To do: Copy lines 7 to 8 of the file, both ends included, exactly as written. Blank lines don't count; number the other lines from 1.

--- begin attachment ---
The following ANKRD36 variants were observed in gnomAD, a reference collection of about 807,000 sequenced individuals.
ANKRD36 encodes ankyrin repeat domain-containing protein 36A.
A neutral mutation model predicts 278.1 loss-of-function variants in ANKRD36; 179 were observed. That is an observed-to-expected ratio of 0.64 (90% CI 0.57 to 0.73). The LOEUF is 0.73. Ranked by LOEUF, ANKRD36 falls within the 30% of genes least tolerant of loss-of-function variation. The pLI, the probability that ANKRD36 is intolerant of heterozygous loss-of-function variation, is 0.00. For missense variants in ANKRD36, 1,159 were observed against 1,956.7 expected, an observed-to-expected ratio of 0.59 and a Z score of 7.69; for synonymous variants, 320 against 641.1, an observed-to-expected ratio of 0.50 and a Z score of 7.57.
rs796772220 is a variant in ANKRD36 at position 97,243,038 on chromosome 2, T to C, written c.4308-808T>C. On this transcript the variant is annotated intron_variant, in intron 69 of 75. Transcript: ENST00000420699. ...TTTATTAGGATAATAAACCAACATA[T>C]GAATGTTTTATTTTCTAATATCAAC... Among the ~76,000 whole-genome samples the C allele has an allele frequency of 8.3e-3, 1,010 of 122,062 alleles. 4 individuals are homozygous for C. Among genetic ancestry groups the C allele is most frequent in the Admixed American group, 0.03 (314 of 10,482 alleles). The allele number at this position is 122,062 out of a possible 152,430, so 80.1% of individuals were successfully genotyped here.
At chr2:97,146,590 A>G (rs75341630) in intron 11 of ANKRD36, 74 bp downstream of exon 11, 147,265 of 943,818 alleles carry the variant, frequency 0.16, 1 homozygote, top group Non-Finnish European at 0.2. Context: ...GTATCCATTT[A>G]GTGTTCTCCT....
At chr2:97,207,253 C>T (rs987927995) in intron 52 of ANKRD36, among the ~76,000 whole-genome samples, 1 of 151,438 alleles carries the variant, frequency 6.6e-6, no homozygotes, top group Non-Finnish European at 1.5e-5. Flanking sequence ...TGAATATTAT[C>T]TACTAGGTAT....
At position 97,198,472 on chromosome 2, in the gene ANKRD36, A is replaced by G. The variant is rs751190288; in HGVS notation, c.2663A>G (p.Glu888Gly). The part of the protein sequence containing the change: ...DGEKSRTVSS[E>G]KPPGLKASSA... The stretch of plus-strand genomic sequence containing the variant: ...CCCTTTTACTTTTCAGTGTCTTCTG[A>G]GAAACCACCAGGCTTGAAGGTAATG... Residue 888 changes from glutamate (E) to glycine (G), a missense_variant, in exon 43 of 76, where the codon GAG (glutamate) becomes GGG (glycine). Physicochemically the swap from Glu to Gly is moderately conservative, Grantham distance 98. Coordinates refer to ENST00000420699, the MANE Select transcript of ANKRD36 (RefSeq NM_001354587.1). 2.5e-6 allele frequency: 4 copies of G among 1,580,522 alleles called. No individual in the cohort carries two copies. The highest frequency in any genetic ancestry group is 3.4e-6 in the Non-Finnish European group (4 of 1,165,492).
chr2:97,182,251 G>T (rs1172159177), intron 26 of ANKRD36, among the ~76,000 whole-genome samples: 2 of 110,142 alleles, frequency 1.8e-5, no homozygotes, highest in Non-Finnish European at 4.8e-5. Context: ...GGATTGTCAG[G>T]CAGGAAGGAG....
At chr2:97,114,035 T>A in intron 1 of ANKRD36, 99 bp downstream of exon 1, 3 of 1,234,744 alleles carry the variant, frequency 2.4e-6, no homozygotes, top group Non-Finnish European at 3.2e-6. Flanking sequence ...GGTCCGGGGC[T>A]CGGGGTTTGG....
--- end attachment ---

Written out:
At position 97,198,472 on chromosome 2, in the gene ANKRD36, A is replaced by G. The variant is rs751190288; in HGVS notation, c.2663A>G (p.Glu888Gly). The part of the protein sequence containing the change: ...DGEKSRTVSS[E>G]KPPGLKASSA... The stretch of plus-strand genomic sequence containing the variant: ...CCCTTTTACTTTTCAGTGTCTTCTG[A>G]GAAACCACCAGGCTTGAAGGTAATG... Residue 888 changes from glutamate (E) to glycine (G), a missense_variant, in exon 43 of 76, where the codon GAG (glutamate) becomes GGG (glycine). Physicochemically the swap from Glu to Gly is moderately conservative, Grantham distance 98. Coordinates refer to ENST00000420699, the MANE Select transcript of ANKRD36 (RefSeq NM_001354587.1). 2.5e-6 allele frequency: 4 copies of G among 1,580,522 alleles called. No individual in the cohort carries two copies. The highest frequency in any genetic ancestry group is 3.4e-6 in the Non-Finnish European group (4 of 1,165,492).
chr2:97,182,251 G>T (rs1172159177), intron 26 of ANKRD36, among the ~76,000 whole-genome samples: 2 of 110,142 alleles, frequency 1.8e-5, no homozygotes, highest in Non-Finnish European at 4.8e-5. Context: ...GGATTGTCAG[G>T]CAGGAAGGAG....